The spiritual crisis engulfing the West entails not only revisionist academics’ skepticism concerning the Resurrection as an historical fact, or of the doctrine of the Trinity. So decadent and thoroughgoing is the skepticism of modern man that a willful embrace of ugliness, a worship of personal power for its own sake, and an unrestrained exaltation of the self are the most obvious features of our culture and our public life. A rejection of form as such is implicated here. There is a calamitous discordancy in all our public rituals. Our national anthem is seldom performed with reverence and beauty, being reduced to wild and extravagant displays of “range” on the part of the performer. The confused Novus Ordo Catholic liturgy celebrated in virtually every contemporary parish lurches from the sudden, crashing onset of noise, to awkward silence, is afflicted by incessant contradiction in the movement of the unconsecrated to and from the altar, and suffers from a near-complete absence of coherent form that is the necessary picture frame of ritual. Disorientation is our preferred orientation.
The last hundred years would seem to bear out Fr. Seraphim Rose’s contention in Nihilism: The Root of the Revolution of the Modern Age that Western man, having once received and accepted the truth of Christian revelation, could not but descend into nihilism and madness if ever he rejected it. I will not bother trying to defend that proposition, though of course there are many people who would dismiss it or find it offensive. Still, what in economics has been referred to as a hermeneutics of “revealed preferences” might be worth something here; that is, the truth about people can be discerned not by asking them what they think about a subject, as in a public opinion poll, but by watching what they say and do under relevant conditions. And we can say that the disintegration of the Christian consensus, the embrace of a thousand heresies that put man and his politics in place of God and His divine Law, and the rejection of the “Old Order” of the European monarchies ultimately manifested itself in the mechanization of mass murder known as the First World War. Thus when the German Expressionist painter Otto Dix (1891-1969) went to fight in the trenches on behalf of the Kaiser, he said that he carried with him two texts: the Holy Bible, and Frederich Nietzsche’s Also sprach Zarathustra.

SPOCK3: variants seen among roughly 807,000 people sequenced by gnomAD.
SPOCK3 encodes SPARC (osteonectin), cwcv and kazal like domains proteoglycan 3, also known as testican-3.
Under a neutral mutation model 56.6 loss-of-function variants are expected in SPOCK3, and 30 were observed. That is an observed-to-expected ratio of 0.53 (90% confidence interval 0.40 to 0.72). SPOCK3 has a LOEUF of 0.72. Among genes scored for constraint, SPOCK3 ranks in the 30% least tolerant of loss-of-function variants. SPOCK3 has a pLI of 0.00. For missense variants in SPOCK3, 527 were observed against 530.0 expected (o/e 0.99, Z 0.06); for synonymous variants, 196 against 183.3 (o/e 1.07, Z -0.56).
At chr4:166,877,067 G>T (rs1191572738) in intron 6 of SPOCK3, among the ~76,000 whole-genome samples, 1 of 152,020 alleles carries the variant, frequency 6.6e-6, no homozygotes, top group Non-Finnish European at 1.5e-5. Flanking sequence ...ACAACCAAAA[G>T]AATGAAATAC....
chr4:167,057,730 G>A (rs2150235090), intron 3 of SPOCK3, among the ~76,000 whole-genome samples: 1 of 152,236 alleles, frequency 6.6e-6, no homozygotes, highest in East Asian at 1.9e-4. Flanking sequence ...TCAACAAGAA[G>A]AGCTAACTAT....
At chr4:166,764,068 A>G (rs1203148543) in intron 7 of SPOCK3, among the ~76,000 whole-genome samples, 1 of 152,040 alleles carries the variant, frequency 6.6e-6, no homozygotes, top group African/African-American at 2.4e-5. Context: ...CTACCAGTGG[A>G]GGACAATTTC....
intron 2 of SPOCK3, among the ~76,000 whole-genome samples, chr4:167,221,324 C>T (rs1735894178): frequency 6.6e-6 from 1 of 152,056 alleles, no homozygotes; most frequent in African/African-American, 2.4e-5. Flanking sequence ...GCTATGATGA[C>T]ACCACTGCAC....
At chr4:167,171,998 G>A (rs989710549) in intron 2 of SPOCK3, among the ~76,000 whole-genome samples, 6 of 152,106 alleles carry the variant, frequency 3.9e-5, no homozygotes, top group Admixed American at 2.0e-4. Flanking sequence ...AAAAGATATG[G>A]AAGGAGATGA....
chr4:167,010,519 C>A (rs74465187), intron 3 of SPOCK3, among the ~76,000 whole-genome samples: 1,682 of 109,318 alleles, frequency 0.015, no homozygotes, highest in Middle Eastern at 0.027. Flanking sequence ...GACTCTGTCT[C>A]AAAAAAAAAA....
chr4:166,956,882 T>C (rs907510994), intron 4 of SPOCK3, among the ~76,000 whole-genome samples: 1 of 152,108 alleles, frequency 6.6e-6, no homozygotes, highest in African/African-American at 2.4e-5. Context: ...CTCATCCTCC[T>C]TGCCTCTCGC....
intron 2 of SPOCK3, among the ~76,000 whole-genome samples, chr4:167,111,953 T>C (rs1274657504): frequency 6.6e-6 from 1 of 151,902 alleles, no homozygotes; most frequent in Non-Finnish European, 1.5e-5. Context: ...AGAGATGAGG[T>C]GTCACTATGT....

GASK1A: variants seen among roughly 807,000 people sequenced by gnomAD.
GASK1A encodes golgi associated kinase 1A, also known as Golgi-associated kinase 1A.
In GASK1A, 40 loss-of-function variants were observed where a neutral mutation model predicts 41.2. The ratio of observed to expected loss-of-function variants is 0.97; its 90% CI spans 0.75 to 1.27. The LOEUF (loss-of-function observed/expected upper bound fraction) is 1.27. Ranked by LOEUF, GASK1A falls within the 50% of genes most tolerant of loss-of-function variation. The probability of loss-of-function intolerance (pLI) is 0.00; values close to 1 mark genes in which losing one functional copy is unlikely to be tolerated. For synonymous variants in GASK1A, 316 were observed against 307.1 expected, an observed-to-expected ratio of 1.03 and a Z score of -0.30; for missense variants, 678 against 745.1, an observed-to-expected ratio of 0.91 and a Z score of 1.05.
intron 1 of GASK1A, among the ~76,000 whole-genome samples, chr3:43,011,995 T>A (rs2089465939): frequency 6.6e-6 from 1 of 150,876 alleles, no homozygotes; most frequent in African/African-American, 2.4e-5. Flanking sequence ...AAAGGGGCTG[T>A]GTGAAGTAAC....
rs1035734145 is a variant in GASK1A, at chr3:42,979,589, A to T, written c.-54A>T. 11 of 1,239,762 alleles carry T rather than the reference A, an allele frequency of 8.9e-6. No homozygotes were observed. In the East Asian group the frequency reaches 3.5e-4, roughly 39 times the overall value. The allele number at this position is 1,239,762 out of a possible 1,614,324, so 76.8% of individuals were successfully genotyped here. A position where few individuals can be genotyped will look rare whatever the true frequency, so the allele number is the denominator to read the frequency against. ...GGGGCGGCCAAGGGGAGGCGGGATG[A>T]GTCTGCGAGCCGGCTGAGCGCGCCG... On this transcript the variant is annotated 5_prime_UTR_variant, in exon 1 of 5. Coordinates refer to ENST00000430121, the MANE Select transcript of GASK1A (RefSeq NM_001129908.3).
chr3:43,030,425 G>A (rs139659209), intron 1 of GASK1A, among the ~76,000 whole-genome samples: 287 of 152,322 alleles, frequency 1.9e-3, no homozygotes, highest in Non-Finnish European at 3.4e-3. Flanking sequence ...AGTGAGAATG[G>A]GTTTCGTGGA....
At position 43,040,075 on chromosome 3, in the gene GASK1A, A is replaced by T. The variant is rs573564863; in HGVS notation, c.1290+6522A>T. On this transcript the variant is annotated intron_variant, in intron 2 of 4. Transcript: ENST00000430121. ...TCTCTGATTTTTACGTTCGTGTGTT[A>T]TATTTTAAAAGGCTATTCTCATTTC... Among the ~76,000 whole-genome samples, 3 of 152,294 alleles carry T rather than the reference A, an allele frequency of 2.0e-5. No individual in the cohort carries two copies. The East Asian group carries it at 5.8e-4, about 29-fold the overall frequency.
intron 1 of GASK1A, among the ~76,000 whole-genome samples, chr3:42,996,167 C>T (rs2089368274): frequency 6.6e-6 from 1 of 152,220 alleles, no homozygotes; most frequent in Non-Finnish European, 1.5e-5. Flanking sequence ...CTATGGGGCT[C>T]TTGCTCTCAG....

The Great War was, in one sense, the end of the world. Dix’s often grotesque, desolating works in the years during and after that war (which I do not recommend beyond their interest as objects of analysis) do not so much portray the visible destruction of the European cities, which were left largely unmolested by the shells; indeed, one could have toured Munich, Paris, London, Budapest, or Prague in those days without detecting that there even was a war. Instead, the images Dix crafted are of a world shattered, and it is striking to me just how closely the artistic style of the period resembles nothing so much in aspect as a broken mirror, a lugubrious expression of angst by a civilization that no longer knew what it was, but was haunted by the terrible knowledge that all things were now twisted and misshapen. His self-portraits vividly show us the transmogrification of the Western man, beginning with the scowling 21-year-old Dix’s Self-Portrait with Carnation (1912):